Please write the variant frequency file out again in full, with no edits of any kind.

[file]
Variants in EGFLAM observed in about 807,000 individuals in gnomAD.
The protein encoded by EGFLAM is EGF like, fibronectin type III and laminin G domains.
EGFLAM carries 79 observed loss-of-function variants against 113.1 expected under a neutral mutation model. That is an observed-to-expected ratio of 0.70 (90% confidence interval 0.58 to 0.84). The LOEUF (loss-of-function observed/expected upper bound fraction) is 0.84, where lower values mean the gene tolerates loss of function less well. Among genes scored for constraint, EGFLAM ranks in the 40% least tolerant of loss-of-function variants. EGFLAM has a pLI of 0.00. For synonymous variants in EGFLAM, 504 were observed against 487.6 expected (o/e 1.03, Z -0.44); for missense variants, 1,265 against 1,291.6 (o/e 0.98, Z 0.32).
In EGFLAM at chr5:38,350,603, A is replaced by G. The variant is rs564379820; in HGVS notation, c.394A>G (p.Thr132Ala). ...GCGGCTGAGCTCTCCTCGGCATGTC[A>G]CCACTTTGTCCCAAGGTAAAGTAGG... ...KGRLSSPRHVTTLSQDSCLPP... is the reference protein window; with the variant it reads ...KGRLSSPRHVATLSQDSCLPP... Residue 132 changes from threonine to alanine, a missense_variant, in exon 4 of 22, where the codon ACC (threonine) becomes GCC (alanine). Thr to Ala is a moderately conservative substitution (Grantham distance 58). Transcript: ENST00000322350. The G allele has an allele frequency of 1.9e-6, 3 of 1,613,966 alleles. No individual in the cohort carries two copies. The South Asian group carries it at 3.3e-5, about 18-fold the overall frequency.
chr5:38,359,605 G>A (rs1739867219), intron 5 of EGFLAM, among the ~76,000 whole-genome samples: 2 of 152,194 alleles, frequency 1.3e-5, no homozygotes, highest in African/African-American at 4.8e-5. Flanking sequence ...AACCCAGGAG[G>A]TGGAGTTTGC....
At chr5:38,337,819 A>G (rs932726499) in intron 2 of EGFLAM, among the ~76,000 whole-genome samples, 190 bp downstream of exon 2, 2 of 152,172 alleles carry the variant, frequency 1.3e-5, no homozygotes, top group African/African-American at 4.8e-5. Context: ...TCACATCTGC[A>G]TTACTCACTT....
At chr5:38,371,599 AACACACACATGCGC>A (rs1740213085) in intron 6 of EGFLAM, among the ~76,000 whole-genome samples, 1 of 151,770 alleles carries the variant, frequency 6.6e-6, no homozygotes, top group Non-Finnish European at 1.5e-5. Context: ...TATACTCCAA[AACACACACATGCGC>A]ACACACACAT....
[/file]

Variants in EGFLAM observed in about 807,000 individuals in gnomAD.
The protein encoded by EGFLAM is EGF like, fibronectin type III and laminin G domains.
EGFLAM carries 79 observed loss-of-function variants against 113.1 expected under a neutral mutation model. That is an observed-to-expected ratio of 0.70 (90% confidence interval 0.58 to 0.84). The LOEUF (loss-of-function observed/expected upper bound fraction) is 0.84, where lower values mean the gene tolerates loss of function less well. Among genes scored for constraint, EGFLAM ranks in the 40% least tolerant of loss-of-function variants. EGFLAM has a pLI of 0.00. For synonymous variants in EGFLAM, 504 were observed against 487.6 expected (o/e 1.03, Z -0.44); for missense variants, 1,265 against 1,291.6 (o/e 0.98, Z 0.32).
In EGFLAM at chr5:38,350,603, A is replaced by G. The variant is rs564379820; in HGVS notation, c.394A>G (p.Thr132Ala). ...GCGGCTGAGCTCTCCTCGGCATGTC[A>G]CCACTTTGTCCCAAGGTAAAGTAGG... ...KGRLSSPRHVTTLSQDSCLPP... is the reference protein window; with the variant it reads ...KGRLSSPRHVATLSQDSCLPP... Residue 132 changes from threonine to alanine, a missense_variant, in exon 4 of 22, where the codon ACC (threonine) becomes GCC (alanine). Thr to Ala is a moderately conservative substitution (Grantham distance 58). Transcript: ENST00000322350. The G allele has an allele frequency of 1.9e-6, 3 of 1,613,966 alleles. No individual in the cohort carries two copies. The South Asian group carries it at 3.3e-5, about 18-fold the overall frequency.
chr5:38,359,605 G>A (rs1739867219), intron 5 of EGFLAM, among the ~76,000 whole-genome samples: 2 of 152,194 alleles, frequency 1.3e-5, no homozygotes, highest in African/African-American at 4.8e-5. Flanking sequence ...AACCCAGGAG[G>A]TGGAGTTTGC....
At chr5:38,337,819 A>G (rs932726499) in intron 2 of EGFLAM, among the ~76,000 whole-genome samples, 190 bp downstream of exon 2, 2 of 152,172 alleles carry the variant, frequency 1.3e-5, no homozygotes, top group African/African-American at 4.8e-5. Context: ...TCACATCTGC[A>G]TTACTCACTT....
At chr5:38,371,599 AACACACACATGCGC>A (rs1740213085) in intron 6 of EGFLAM, among the ~76,000 whole-genome samples, 1 of 151,770 alleles carries the variant, frequency 6.6e-6, no homozygotes, top group Non-Finnish European at 1.5e-5. Context: ...TATACTCCAA[AACACACACATGCGC>A]ACACACACAT....